We are temporarily moving on from our features on the history of our local schools to look at famous people from the past who were born in Mid Cheshire, and we begin with General Charles Lee.

General Lee was from a long line of Cheshire aristocracy; his maternal grandfather was of landed gentry being, Sir Henry Bunbury, 3rd Baronet, and an MP for Cheshire.

His father was Major General John Lee, born 1694, who served in the British Army and who died in Mottram, Cheshire.

Charles was born on February 6, 1732, and had six older siblings, only one of whom, Sidney Lee, survived to adulthood.

She was four years older than Charles. Charles and his siblings were born in Darnhall, Cheshire, and his early life was spent there.

The exact location is not known, although reference has been made to Lea Hall.

Charles was a temperamental child who initially had home tutors and was then sent to a grammar school in Chester, followed by an academy in Switzerland.

Northwich Guardian: Charles Lee in BattleCharles Lee in Battle (Image: Rose Hurley)

Finally, he returned to England and attended a free grammar school, King Edward VI School in Bury St Edmunds, this being close to his uncle, Reverend William Bunbury.

This school still exists, now with more than 500 years of educational service. His father was the colonel of the 55th Foot (later known as 44th) in the British Army when he purchased a commission for Charles.

Charles served in the British Army during the Seven Years’ War, after which he sold his commission and then fought in the Polish Army for King Stanislaus II.

The Seven Years’ War took place in the 1750s and was a conflict between France and Britain over who would control the American northern territories and land claims.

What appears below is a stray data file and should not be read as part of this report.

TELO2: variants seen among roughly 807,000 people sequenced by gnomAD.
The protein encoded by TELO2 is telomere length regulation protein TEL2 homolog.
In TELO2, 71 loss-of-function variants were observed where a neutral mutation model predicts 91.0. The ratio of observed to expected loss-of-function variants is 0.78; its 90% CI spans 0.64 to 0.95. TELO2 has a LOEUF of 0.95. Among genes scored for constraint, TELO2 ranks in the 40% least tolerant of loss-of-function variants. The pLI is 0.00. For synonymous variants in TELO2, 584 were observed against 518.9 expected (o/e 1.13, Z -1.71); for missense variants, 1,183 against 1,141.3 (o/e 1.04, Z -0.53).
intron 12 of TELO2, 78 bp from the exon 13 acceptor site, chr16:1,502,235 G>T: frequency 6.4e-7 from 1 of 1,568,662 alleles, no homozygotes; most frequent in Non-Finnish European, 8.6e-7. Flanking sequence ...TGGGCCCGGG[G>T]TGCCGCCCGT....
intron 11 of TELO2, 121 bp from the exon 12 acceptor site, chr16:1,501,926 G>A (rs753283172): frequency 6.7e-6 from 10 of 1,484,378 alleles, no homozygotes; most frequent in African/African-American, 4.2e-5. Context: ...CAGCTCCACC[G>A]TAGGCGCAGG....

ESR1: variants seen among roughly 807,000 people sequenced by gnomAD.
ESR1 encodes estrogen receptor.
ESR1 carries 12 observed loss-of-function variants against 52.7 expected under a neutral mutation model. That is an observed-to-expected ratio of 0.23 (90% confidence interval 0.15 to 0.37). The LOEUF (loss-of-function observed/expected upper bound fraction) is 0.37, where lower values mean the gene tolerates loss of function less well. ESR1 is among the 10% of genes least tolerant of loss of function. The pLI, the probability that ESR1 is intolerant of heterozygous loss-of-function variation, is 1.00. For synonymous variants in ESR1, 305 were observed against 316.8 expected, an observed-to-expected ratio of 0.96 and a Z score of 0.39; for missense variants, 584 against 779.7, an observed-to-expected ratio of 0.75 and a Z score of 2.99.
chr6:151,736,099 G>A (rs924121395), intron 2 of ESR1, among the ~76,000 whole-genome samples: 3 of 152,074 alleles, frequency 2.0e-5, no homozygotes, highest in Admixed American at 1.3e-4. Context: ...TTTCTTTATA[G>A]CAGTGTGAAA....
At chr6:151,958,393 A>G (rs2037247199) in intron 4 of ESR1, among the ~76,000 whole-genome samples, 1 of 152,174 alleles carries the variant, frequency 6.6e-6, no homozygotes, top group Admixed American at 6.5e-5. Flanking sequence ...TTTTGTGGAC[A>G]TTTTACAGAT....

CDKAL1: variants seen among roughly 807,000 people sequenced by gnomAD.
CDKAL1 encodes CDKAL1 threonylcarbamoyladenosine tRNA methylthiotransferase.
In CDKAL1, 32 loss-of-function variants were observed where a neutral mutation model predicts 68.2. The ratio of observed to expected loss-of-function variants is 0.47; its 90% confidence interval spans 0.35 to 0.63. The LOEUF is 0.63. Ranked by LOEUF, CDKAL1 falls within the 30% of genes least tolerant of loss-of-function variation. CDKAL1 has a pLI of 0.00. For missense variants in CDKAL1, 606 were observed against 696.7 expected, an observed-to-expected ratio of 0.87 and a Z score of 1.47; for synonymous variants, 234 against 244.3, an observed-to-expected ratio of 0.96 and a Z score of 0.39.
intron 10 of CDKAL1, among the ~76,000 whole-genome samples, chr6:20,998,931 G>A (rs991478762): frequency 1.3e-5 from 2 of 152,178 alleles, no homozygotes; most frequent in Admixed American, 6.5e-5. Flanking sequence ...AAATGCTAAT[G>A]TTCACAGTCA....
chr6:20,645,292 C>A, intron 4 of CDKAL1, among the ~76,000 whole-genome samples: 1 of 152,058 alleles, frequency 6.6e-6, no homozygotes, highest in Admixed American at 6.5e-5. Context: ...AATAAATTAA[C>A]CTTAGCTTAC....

In the 1770s, Charles moved to America and acquired the services of Guiseppe Minghini, who remained with him for the rest of Charles’ life.

Charles had at least six slaves and bequeathed them as a part of his estate on his death.

His initial servant Guiseppe and his housekeeper, Elizabeth Dunne, were the beneficiaries, as was his sister, Sidney.

Northwich Guardian: Christ Church PhiladelphiaChrist Church Philadelphia (Image: Rose Hurley)

It is reputed, although never completely evidenced, that whilst in the northern territories of North America, he became acquainted with the Native Americans and subsequently married the daughter of a Mohawk chief, with whom he had twins. The Mohawks knew Charles by the name Ounewaterika, translated as 'Boiling Water'.

In 1773 he bought an estate in Western Virginia. When the American War of Independence broke out in 1775, he volunteered to join the patriot forces.

In 1776 forces under his command prevented a British advance on the city of Charleston, and he was thought highly of by Congress for his actions.

Later in 1776, the British cavalry captured him in Basking Ridge, New Jersey, and held him captive until a prisoner exchange took place in 1778.

During the Battle of Monmouth, Charles led an assault on British forces which was unsuccessful.

At his own request, Charles was court-martialled on three charges: that disobedience of orders, misbehaviour before the enemy, and disrespecting George Washington.

Northwich Guardian: Darnhall Village HallDarnhall Village Hall (Image: Rose Hurley)

This was proved in several letters he wrote after the battle. He was found guilty and ordered to return home.

He made many enemies and was challenged to a duel by John Laurens, a supporter of Washington, who shot him, injuring but not killing him.

In 1780 Lee formally retired from the Continental Army and made his home in Philadelphia. He died there in 1782 and is buried in Christ Church, Philadelphia.

From a diminutive and rather sickly child born in Darnhall Cheshire, he led an extraordinary and full life across Europe and America.